Eliza Haywood, “The Vision”

ELIZA HAYWOOD

“The Vision”

 

As I this Morn, neglecting coming Day,
In the dull God’s Embrace supinely lay;
My nobler Part, scorning to be confin’d,
Did upwards soar, and left my Earth behind:
Thro’ the AEtherial Regions swiftly flew,                                                       5
Past interposing Clouds which barr’d my View.
Methought, with stedfast and undazled Eyes,
I took in all the Glory of the Skies!
Beheld the rolling Orbs in order move,
And in their Symmetry, prov’d the Art of Jove.                                             10
But long I could not in that Prospect stay,
My hurry’ng Fancy made me farther stray
To those bright Plains, where, in superior State,
The High-thron’d Sons of Wit illustrious sat!
Each had their Works in shining Cases plac’d,                                             15
With Stars adorn’d, more by their Titles grac’d.
These seem’d the genuine Product of their Art;
Which to th’ Unlearn’d, no Profit could impart:
But what amaz’d me most, vast heaps I spy’d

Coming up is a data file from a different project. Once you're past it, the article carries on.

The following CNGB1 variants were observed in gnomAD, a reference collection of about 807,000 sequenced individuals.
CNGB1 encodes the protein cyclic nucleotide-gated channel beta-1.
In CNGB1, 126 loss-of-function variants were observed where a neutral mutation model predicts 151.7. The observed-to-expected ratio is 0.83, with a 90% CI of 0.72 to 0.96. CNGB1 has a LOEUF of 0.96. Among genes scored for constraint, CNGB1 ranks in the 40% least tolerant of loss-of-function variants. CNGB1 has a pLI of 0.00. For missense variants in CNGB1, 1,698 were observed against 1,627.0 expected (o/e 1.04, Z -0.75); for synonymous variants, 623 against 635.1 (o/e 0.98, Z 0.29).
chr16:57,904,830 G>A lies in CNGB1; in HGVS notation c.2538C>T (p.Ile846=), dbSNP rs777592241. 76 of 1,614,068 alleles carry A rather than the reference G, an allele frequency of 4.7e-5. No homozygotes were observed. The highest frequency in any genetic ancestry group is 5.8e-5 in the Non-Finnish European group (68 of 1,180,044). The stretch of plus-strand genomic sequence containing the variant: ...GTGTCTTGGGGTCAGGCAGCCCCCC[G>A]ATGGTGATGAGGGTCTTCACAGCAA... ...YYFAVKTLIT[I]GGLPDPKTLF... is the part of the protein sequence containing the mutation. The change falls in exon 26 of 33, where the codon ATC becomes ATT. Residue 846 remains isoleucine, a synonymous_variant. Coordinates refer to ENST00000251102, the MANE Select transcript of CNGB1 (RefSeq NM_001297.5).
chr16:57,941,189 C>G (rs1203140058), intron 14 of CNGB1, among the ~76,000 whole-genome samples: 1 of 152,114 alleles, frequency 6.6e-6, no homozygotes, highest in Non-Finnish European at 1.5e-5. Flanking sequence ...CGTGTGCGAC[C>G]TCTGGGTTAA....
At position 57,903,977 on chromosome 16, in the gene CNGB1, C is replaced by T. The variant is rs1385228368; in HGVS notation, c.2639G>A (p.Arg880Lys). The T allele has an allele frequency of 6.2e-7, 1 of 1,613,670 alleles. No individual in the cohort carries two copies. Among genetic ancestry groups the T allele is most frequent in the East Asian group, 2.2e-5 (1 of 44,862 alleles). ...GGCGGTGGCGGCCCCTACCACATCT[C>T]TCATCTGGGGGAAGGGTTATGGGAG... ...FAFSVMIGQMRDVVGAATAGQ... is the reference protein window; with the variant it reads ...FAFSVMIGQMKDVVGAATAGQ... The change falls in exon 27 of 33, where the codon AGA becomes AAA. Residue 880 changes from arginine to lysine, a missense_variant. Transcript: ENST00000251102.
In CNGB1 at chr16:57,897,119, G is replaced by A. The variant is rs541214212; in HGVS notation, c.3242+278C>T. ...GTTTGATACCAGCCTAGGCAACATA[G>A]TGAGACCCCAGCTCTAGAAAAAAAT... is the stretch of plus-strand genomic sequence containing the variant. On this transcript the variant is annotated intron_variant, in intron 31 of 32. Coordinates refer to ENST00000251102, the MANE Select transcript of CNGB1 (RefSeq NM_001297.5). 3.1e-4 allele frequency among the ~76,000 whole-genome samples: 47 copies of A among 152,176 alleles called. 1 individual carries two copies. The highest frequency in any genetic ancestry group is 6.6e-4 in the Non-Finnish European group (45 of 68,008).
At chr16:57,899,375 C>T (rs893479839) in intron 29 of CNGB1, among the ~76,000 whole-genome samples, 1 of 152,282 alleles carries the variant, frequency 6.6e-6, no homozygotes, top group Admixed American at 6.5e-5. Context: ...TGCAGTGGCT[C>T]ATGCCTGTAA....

Of Books, (the same Inscriptions beautify’d)                                                 20
With Pages torn, and Leaves disorder’d, lie
Like useless Lumber, thrown neglected by!
With eager haste, the nearest Lines I snatch’d,
But, e’er my purpose fully was dispatch’d,
The awfull’st Form, which grac’d the Laureat Sect,                                       25
Did in these Words, my erring Search direct.
In vain thou here, wou’dst Ovid’s Softness find,
Or trace the Majesty of Homer’s Mind!
Our forceful Fire, in faint Translation lost,
Can little of its native Vigour boast!                                                                 30
Would’st thou behold us as at first we were,
Back to the nether World again repair;
There thou, thy wonder-searching Soul may’st fill
With due contemplating Hillarius’ Skill;
In him our different Beauties center’d, shine,                                                35
With congregated Pow’r, and Blaze divine!
Our Muses now attend on him alone,
Join’d with a brighter, greater, of his own!